And another favorite of Bill’s, “Little Richard’s music was the truest generational litmus test – one’s reactions to his recordings quickly established what side the listener was on…a basic truth of rock ‘n’ roll…If the parents can’t stand it, the kids are definitely going to buy it.”
Bill took enough time away from his music passion to graduate from Michigan Law School in 1962. He returned home to Kansas City to practice law, but deep down he also wanted to be a deejay. He certainly had the voice for it, and he was developing an encyclopedic knowledge of rock ‘n’ roll. That word got to the right people at KCUR, and Cyprus Avenue was born in October of 1978.
Cyprus/Cypress Avenue?: First, a spellcheck. I have seen references to Bill’s show spelled both ways, including (embarrassingly) in emails that I have sent. For the record, Cyprus is the island and cypress is the tree. One of Bill’s favorite albums is Van Morrison’s 1968 album Astral Weeks, which has a cut titled “Cyprus Avenue.” So it’s the island spelling and is inspired by a street name in Morrison’s native Belfast, Northern Ireland.
But that’s not the theme song that begins and ends Bill’s show. That would be “Interlude” by Matthew Fisher on his 1973 solo album Journey’s End. Fisher was in his own interlude between gigs as a vocalist/organist for Procol Harum, probably best known for his organ solo in “A Whiter Shade of Pale.” If you have been a regular listener of Cyprus Avenue, and you click here, I’m betting that after a few bars you will anticipate a wonderful voice saying “The name of the program is Cyprus Avenue and my name is Bill Shapiro.”
When the theme plays at the end of the show, the final words from Bill are “Be Well Everybody.”
The Emails: Bill and I did not practice in the same legal specialty, so my primary contact was listening to him on Cyprus Avenue. In 2002, Bill indirectly prompted me to send an email to David Basse, a popular KC singer and drummer who Rita and I have followed for years at various venues in town. One of the songs on David’s playlist is “Shake, Rattle and Roll,” and he was quick to inform me that his version was inspired by the original version by Big Joe Turner, not the cover by Bill Haley and the Comets. We exchanged a few emails about the different lyrics of the two versions (Turner’s were more risqué), and a timely Cyprus Avenue show kept the conversation going:
David, I am sitting here at my desk listening to Bill Shapiro, and he is playing a Joe Turner set. “Shake, Rattle and Roll” just played, and I have my printout from Friday and sure enough, the words were very accurate except he actually finished much like Haley’s version in the last 3 lines…I never junked my 45 collection from the 50’s, and the records are staying with us as we move to Townsend Place in the next couple of weeks – Little Richard, Fats Domino, etc. Still my favorite music.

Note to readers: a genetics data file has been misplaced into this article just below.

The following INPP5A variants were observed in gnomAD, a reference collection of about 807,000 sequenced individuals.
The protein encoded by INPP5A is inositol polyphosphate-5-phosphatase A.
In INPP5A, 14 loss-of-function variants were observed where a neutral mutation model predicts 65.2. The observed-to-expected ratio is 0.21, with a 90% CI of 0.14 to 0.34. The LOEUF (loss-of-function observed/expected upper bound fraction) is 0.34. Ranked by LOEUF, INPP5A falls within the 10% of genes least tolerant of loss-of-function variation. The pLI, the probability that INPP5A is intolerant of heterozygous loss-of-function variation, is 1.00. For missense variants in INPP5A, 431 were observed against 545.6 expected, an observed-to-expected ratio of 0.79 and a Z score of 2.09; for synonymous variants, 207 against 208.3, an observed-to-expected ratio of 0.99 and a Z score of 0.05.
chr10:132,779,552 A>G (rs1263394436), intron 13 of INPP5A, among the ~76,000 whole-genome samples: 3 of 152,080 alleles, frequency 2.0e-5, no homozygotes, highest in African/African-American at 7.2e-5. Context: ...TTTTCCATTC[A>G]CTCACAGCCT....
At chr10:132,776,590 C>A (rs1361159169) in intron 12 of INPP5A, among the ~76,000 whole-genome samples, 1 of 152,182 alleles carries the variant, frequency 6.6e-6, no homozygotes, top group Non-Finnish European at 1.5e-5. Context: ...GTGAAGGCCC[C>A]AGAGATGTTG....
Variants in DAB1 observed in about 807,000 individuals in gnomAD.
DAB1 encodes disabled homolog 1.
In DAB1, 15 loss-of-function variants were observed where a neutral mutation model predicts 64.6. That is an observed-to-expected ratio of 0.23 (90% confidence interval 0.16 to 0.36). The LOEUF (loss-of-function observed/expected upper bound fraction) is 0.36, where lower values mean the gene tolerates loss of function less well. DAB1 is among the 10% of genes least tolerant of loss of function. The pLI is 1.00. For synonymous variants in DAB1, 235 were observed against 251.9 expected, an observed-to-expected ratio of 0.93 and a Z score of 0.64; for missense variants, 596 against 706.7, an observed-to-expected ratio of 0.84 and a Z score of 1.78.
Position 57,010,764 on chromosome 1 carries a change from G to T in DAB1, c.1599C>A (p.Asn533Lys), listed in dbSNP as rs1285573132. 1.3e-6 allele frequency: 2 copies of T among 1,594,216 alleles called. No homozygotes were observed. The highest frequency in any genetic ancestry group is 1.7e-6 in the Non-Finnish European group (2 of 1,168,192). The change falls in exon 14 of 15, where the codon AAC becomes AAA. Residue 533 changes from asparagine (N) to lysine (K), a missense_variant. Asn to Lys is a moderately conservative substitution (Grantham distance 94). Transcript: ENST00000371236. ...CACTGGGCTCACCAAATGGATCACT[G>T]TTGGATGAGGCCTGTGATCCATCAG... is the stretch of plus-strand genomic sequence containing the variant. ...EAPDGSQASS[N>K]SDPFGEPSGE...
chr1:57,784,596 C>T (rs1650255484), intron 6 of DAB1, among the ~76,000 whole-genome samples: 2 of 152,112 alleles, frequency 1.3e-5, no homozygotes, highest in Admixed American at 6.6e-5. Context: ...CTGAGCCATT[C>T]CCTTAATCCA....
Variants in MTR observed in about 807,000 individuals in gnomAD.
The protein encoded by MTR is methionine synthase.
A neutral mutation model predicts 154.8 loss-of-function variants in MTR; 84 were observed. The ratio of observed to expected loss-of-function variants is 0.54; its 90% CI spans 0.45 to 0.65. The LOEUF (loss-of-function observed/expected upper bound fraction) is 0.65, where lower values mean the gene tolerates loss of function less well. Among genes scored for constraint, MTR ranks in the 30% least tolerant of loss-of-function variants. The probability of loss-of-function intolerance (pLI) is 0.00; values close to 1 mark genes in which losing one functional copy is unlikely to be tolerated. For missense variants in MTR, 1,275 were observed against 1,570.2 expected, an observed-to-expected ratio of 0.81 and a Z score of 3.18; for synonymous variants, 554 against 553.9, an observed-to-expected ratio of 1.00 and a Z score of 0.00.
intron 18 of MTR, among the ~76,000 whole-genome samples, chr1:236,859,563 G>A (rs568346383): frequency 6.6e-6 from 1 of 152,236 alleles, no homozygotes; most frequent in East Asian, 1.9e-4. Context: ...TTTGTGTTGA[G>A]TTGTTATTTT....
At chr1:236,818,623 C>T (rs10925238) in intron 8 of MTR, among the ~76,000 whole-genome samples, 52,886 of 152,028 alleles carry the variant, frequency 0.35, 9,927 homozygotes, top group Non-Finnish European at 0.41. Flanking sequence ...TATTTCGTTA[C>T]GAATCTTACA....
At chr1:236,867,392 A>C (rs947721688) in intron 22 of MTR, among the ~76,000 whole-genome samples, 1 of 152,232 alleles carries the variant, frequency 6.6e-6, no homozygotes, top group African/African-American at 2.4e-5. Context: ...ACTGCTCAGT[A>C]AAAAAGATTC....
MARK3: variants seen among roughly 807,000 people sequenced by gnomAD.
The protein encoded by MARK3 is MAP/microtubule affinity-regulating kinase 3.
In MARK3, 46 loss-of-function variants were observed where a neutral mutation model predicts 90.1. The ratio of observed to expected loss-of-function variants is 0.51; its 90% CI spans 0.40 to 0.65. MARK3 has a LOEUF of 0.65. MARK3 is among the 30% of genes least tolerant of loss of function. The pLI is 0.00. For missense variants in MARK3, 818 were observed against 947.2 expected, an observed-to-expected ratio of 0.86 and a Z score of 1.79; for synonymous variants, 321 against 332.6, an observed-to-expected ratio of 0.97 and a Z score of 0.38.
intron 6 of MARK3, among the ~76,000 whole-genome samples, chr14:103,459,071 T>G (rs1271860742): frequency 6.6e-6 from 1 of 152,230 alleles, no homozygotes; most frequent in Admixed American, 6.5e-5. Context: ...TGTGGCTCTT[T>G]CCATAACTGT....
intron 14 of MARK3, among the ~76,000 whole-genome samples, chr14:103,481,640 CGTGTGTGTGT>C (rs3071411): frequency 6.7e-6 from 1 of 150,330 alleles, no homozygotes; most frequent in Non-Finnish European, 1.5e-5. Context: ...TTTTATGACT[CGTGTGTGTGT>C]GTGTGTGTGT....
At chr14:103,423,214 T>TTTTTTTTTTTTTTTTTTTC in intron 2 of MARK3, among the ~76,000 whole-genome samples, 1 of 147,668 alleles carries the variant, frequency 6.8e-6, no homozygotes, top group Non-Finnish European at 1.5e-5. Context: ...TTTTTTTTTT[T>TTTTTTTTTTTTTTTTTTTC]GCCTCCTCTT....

In 2009, the last part of that email (the “45 collection”) came to the forefront. My high school class was getting ready for its 50th reunion. I embarked on a project of writing a high school memoir based on my old records. I had always been interested in the details behind the music – the labels, the songwriters, the history of the artists, cover versions (often white artists covering black singers such as Little Richard and Fats Domino), etc. You know, like I do with my baseball posts – the nostalgia and trivia. Which is what Bill did every week on a more sophisticated level on Cyprus Avenue. I learned how hard it was to do what he did, and I let him know via email:
Bill, I have always admired your work, but now I have a deeper appreciation for what it takes to put on one of your shows.
As you can see in the attached “Lonnie’s Jukebox,” I got into more than I bargained for when I started out with what was to be a simple playlist/liner notes for converting some of my old 45’s to a CD. When I decided to do it chronologically, the high school years fell into place and filled my mind with many fun memories.
Lonnie, loved your “Jukebox”. Thanks for the kind words and musical memory lane excursion. I graduated from Southwest in ’54 when the first inklings of our changing world began to seep through on WHB and jukeboxes.
I just happened to be watching [the Dorsey Show with Elvis] and my whole world changed in the ensuing 2 plus minutes.